$28 Million in Judgements Entered in Central PA Mortgage Fraud Case

HARRISBURG – Attorney General Linda Kelly today announced that a consumer protection lawsuit filed against several employees linked to OPFM – a defunct financial services company operating in Reading and Lancaster counties involved in a wide-reaching Central Pennsylvania mortgage fraud case – has resulted in judgments totaling more than $28 million in restitution for the benefit of hundreds of consumers victimized by this Ponzi scheme.

Kelly said that Senior Judge Albert A. Stallone, who presided over a lengthy non-jury trial in Berks County, found that several mortgage consultants and other employees of OPFM acted “in concert” with company President Wesley Alvin Snyder in the marketing and sale of “wrap mortgages” and “loan participation agreements,” which were promoted as mechanisms for consumers to reduce their interest rates and pay-off their mortgages more quickly.

Snyder is currently serving a prison sentence after pleading guilty to one count of mail fraud.  The court found that Snyder engaged in deceptive conduct, in violation of Pennsylvania’s Consumer Protection Law, and entered judgment against Wesley Snyder and his wife Sydney Snyder, jointly, in the amount of $28,675,731 in restitution for the victims.

Additionally, the court found that five mortgage consultants for OPFM, along with the company’s bookkeeper and office manager shared responsibility for the consumer losses and also entered judgments against those individuals for restitution.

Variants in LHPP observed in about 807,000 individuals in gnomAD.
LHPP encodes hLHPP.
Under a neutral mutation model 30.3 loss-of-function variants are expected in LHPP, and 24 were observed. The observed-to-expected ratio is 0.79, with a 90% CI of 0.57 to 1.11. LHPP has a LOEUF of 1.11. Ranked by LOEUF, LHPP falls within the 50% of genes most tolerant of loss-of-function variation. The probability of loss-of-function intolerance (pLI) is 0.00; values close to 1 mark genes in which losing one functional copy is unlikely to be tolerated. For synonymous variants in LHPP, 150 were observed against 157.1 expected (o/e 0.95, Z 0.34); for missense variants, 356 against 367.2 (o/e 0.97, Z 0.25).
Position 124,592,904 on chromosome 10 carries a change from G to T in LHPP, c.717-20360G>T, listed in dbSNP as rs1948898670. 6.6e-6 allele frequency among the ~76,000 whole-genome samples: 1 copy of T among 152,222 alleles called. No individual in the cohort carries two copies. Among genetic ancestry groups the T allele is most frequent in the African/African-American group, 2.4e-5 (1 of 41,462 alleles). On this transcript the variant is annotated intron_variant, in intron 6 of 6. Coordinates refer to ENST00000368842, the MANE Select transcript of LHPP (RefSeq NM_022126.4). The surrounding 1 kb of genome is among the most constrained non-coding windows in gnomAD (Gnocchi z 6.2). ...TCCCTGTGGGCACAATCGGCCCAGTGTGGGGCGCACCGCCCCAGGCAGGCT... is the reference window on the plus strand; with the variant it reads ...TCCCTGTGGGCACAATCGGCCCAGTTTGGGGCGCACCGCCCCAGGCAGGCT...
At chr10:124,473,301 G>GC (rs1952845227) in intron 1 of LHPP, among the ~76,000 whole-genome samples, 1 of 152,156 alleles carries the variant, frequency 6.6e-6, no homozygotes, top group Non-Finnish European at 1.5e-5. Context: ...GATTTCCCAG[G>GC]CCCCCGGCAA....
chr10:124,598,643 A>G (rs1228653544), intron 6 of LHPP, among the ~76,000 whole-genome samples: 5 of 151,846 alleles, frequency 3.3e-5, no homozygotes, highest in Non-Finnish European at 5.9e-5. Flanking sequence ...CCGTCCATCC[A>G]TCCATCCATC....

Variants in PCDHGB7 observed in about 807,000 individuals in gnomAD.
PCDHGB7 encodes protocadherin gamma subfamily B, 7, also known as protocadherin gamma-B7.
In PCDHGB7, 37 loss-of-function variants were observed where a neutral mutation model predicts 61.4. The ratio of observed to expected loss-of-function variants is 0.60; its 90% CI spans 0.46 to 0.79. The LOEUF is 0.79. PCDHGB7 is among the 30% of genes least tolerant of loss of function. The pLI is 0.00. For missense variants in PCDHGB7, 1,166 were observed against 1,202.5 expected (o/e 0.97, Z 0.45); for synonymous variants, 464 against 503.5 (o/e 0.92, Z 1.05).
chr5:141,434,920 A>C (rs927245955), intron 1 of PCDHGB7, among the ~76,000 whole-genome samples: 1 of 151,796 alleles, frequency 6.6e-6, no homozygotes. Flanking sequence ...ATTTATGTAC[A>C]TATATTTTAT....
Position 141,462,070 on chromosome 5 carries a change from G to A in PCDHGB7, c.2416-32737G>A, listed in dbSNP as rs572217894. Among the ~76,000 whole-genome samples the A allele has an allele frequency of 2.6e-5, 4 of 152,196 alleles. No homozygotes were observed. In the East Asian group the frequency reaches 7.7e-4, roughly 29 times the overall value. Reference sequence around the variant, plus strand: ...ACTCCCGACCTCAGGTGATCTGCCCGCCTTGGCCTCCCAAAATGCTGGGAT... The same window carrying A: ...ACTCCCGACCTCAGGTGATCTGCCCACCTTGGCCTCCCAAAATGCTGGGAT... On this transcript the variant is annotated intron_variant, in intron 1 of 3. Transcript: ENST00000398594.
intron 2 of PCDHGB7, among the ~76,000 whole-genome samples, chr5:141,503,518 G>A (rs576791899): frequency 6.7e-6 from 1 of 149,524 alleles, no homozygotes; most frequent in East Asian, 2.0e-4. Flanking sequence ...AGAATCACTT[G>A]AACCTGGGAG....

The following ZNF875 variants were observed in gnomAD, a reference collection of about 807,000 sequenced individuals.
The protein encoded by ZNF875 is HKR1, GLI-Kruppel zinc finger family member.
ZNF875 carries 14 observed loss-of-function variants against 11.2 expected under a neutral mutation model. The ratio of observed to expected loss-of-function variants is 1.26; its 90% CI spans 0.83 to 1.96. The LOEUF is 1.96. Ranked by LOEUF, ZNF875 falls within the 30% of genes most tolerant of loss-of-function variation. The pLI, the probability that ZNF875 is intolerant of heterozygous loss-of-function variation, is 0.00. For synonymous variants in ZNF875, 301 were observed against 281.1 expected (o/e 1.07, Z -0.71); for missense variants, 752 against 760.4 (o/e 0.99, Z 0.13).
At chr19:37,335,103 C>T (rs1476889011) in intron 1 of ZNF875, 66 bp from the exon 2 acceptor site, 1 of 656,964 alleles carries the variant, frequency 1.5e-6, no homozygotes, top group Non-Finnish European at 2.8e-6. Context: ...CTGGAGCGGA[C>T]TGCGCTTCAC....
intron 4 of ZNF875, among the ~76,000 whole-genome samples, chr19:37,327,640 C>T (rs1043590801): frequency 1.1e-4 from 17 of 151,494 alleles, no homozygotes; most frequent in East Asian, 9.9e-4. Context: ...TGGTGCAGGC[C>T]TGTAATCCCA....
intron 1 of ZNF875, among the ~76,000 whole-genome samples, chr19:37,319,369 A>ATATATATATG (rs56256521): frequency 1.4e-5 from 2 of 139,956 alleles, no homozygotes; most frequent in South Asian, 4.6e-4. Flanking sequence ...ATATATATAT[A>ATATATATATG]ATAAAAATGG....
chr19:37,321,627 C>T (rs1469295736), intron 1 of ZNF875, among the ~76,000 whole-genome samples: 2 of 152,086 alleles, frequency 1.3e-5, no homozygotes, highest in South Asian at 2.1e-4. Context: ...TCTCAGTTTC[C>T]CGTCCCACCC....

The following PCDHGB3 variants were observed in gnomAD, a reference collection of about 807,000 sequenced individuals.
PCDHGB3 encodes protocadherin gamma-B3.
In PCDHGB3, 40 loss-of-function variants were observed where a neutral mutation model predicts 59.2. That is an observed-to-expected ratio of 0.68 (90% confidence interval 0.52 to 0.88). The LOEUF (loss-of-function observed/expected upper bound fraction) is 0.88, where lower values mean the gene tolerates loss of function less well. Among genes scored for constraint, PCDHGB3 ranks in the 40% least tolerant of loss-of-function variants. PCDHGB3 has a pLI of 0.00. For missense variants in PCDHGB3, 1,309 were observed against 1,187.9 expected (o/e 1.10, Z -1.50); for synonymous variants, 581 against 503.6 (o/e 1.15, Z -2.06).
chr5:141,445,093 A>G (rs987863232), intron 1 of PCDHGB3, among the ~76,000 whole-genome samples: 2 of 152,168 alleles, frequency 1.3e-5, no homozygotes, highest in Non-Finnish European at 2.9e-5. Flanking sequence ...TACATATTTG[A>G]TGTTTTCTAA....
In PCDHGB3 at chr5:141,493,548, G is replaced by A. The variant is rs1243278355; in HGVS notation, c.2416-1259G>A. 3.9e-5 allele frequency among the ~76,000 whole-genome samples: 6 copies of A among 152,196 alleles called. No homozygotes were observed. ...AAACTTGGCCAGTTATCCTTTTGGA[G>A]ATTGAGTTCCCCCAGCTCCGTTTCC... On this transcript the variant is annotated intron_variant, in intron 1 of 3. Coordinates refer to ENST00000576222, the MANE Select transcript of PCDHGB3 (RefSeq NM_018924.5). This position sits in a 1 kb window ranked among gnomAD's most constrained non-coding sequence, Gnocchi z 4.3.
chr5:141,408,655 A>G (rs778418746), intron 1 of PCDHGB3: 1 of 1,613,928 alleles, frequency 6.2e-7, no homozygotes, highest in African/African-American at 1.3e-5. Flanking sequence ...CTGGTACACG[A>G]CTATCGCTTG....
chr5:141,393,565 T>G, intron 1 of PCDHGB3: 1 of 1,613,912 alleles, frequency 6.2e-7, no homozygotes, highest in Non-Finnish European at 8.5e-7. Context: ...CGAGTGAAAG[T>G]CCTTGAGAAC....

A judgment was entered against Cheryl Ann Bennetch, of Denver, Lancaster County, who served as bookkeeper and office manager, in the amount of $241,163.  This amount represents her total compensation between January 2003 and September 2007, when OPFM filed for bankruptcy.

Additionally, Bennetch was enjoined from engaging in any business involving the accounting of money or real estate transactions in Pennsylvania through August 29, 2013.

Kelly said the court also found that five mortgage consultants failed to properly inform consumers of the possible risks in this scheme.

As summarized by Judge Stallone in his court order: “There should have been warnings given to consumers of the risks being taken. somebody needed to pay attention to these risks and nobody. including the Mortgage Consultants. did so until the eve of bankruptcy.”

Judge Stallone apportioned to the Mortgage Consultants 5% of the losses sustained by consumers as a result of the marketing and sale of wrap mortgages by the Mortgage Consultants, totaling more than $1.2 million, with the following judgments entered for restitution against each Mortgage Consultant:

  • Jacquelyn Hepford-Rennie, of Lansdale, Montgomery County, in the amount of $455,762.
  • Kenneth Roger Bennetch, of Denver, Lancaster County, in the amount of $257,628.
  • Julie Ann Musser, of Sinking Springs, Berks County, in the amount of $214,566.
  • Susan Louise Hunt, of Reading, in the amount of $195,331.
  • Amy Lou Styer, of Birdsboro, Berks County, in the amount of $127,697.

The Court also enjoined the five mortgage consultants from receiving monies and/or payments for services, as an employee or otherwise, pertaining to the provision of mortgage financing and/or investment products, and from entering into oral and/or written contracts or agreements, as an employee or otherwise, to provide mortgage financing and/or investment products, through August 29, 2013.

Kelly said the lawsuit was originally filed in May 2008, in Berks County Court of Common Pleas.

The trial was handled by Senior Deputy Attorney General Thomas Blessington of the Attorney General’s Bureau of Consumer Protection and Senior Deputy Attorney General William Slotter.

 


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